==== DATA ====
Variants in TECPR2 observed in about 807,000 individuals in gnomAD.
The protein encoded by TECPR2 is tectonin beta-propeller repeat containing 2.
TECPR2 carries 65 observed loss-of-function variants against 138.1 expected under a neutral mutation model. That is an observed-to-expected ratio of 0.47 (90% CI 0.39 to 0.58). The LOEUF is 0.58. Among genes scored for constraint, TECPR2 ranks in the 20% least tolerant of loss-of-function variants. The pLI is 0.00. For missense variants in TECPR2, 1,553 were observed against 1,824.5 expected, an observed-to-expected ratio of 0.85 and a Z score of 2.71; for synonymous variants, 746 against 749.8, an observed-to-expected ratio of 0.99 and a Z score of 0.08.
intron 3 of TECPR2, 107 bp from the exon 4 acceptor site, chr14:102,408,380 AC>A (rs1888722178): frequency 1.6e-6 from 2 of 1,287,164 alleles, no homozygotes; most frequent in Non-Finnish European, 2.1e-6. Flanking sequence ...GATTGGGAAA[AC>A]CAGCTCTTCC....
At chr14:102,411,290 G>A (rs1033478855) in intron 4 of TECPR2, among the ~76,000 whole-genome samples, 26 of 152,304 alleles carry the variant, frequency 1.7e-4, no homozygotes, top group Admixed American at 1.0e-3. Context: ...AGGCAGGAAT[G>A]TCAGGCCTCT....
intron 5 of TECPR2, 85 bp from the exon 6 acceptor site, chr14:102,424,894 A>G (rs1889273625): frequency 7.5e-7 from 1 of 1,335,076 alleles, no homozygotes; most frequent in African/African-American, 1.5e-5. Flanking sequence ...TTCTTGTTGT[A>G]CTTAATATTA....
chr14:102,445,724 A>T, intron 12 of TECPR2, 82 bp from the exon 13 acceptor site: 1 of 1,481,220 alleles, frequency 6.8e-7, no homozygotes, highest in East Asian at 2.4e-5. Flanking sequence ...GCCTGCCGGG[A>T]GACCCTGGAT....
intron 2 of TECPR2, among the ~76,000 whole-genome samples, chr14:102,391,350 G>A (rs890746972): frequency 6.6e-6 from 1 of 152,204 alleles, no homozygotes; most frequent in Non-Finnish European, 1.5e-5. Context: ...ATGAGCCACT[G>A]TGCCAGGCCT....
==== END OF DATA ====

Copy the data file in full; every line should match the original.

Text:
Variants in TECPR2 observed in about 807,000 individuals in gnomAD.
The protein encoded by TECPR2 is tectonin beta-propeller repeat containing 2.
TECPR2 carries 65 observed loss-of-function variants against 138.1 expected under a neutral mutation model. That is an observed-to-expected ratio of 0.47 (90% CI 0.39 to 0.58). The LOEUF is 0.58. Among genes scored for constraint, TECPR2 ranks in the 20% least tolerant of loss-of-function variants. The pLI is 0.00. For missense variants in TECPR2, 1,553 were observed against 1,824.5 expected, an observed-to-expected ratio of 0.85 and a Z score of 2.71; for synonymous variants, 746 against 749.8, an observed-to-expected ratio of 0.99 and a Z score of 0.08.
intron 3 of TECPR2, 107 bp from the exon 4 acceptor site, chr14:102,408,380 AC>A (rs1888722178): frequency 1.6e-6 from 2 of 1,287,164 alleles, no homozygotes; most frequent in Non-Finnish European, 2.1e-6. Flanking sequence ...GATTGGGAAA[AC>A]CAGCTCTTCC....
At chr14:102,411,290 G>A (rs1033478855) in intron 4 of TECPR2, among the ~76,000 whole-genome samples, 26 of 152,304 alleles carry the variant, frequency 1.7e-4, no homozygotes, top group Admixed American at 1.0e-3. Context: ...AGGCAGGAAT[G>A]TCAGGCCTCT....
intron 5 of TECPR2, 85 bp from the exon 6 acceptor site, chr14:102,424,894 A>G (rs1889273625): frequency 7.5e-7 from 1 of 1,335,076 alleles, no homozygotes; most frequent in African/African-American, 1.5e-5. Flanking sequence ...TTCTTGTTGT[A>G]CTTAATATTA....
chr14:102,445,724 A>T, intron 12 of TECPR2, 82 bp from the exon 13 acceptor site: 1 of 1,481,220 alleles, frequency 6.8e-7, no homozygotes, highest in East Asian at 2.4e-5. Flanking sequence ...GCCTGCCGGG[A>T]GACCCTGGAT....
intron 2 of TECPR2, among the ~76,000 whole-genome samples, chr14:102,391,350 G>A (rs890746972): frequency 6.6e-6 from 1 of 152,204 alleles, no homozygotes; most frequent in Non-Finnish European, 1.5e-5. Context: ...ATGAGCCACT[G>A]TGCCAGGCCT....